(UnitedVoice.com) – North Carolina politics got a shock last week when a Democratic state legislator quietly changed parties. Tricia Cotham (R) was elected last November, but it seems she’s quickly become disillusioned with her former party. Her defection is likely to have a major effect on politics in the state because it radically alters the balance of power.
North Carolina State Rep. Tricia Cotham Slams Democrats as she Switches to Republican Party. pic.twitter.com/WCD2jCsiUn
— ꪻꫝể ꪻꫝể (@TheThe1776) April 5, 2023
Tricia Cotham was elected to the North Carolina House of Representatives last November as a Democrat, and took office on January 1. It wasn’t her first experience of state government; in 2007, Governor Mike Easley (D) appointed her to represent the state’s 100th District to replace a legislator who had resigned. In 2016, she stepped down, but last year, she decided it was time for a comeback.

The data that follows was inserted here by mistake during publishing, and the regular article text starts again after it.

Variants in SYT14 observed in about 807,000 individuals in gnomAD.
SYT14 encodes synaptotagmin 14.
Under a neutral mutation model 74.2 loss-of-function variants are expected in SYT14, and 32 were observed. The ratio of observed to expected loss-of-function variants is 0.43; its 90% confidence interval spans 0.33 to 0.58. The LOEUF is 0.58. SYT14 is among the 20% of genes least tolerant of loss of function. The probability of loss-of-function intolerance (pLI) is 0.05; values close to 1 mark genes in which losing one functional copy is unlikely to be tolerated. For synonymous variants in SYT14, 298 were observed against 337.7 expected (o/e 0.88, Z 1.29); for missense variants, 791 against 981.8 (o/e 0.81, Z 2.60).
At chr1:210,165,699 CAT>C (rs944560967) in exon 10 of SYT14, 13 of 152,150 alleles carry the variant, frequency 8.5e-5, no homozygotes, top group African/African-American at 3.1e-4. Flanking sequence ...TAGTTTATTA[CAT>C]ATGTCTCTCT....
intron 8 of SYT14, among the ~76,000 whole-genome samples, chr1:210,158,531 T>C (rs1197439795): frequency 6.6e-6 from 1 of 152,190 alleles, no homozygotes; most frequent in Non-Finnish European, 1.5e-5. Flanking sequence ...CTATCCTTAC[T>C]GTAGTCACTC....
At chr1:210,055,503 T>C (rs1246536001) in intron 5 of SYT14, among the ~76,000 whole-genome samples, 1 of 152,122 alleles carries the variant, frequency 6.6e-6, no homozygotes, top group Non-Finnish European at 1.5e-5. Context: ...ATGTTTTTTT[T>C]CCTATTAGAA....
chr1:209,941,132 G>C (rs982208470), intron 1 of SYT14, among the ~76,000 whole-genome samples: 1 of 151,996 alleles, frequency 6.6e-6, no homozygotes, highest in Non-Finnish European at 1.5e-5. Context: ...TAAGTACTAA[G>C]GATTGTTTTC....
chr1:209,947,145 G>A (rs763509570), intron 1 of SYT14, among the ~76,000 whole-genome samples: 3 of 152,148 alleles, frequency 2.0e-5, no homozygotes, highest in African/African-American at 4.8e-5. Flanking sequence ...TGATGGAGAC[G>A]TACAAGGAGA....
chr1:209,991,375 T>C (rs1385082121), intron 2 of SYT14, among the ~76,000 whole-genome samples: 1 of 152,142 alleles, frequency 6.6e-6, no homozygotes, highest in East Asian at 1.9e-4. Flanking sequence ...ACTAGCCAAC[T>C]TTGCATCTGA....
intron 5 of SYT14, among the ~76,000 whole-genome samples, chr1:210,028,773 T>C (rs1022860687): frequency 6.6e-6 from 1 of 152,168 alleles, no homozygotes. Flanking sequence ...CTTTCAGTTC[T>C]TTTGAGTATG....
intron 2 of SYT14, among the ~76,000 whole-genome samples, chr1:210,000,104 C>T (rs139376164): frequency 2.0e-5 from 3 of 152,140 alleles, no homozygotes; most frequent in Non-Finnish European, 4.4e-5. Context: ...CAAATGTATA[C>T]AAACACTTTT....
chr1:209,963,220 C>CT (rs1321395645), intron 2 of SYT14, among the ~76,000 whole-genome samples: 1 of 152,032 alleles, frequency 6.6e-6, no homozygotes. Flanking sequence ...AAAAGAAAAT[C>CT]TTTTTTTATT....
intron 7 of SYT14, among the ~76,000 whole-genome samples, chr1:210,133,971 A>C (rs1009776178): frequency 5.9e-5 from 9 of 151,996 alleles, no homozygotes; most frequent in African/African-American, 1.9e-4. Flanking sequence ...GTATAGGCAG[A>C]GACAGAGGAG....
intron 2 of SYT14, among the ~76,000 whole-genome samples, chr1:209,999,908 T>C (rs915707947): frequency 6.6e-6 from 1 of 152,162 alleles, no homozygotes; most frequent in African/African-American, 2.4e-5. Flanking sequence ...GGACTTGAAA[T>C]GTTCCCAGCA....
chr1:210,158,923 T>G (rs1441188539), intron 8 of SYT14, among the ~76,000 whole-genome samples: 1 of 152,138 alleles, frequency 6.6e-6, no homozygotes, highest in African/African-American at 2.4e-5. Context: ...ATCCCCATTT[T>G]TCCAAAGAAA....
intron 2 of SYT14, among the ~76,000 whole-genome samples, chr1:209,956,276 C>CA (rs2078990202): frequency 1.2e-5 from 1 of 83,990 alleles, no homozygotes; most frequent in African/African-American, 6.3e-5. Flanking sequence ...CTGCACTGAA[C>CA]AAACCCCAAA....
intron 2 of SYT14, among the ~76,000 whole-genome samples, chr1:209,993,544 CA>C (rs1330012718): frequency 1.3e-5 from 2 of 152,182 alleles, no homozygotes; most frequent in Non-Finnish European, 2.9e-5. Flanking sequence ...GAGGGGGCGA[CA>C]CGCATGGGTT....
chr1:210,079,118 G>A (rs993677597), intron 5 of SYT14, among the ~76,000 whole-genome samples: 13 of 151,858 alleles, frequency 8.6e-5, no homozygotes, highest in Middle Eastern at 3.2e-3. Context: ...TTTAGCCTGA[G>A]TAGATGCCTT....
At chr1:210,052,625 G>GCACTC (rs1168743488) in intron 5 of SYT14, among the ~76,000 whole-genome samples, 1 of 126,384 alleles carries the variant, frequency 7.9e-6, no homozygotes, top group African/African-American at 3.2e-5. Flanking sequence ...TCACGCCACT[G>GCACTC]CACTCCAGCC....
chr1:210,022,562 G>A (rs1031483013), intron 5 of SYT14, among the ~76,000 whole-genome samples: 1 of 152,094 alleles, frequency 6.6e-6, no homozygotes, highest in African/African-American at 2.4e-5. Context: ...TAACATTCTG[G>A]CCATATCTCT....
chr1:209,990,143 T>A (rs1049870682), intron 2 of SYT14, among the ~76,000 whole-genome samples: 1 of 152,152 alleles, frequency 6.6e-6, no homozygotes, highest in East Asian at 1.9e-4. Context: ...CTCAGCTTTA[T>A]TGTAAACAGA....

Unfortunately for Cotham, the Democratic Party she served a decade ago wasn’t the same as the Democratic Party now. Although she has liberal beliefs — she campaigned on protecting abortion and LGBTQ rights — she’s also a patriotic American and likes to display the US flag on her car and social media profiles. Apparently, that upset some of her fellow Liberals, because she reportedly suffered a barrage of abuse for it.
On April 4, Cotham officially changed parties; she’s now a registered Republican, her desk has been cleared out, and House staff have moved her chair to the GOP side of the chamber. That afternoon, she walked into the chamber with a group of Republican lawmakers, including House Majority Leader John Bell (R). That must have been a pleasant experience for Bell, because the addition of Cotham means Republicans now have a veto-proof majority in the North Carolina House, which they already had in the state Senate.
That fact has Democrats panicking. The GOP plans to introduce several bills this session, including new restrictions on abortion. Although Cotham pledged to protect abortion rights during her campaign, she’s also voted with Republicans in the past, even before changing parties. If she sides with her new colleagues this time, the GOP can push the law through, and there’s nothing Governor Roy Cooper (D) can do about it.
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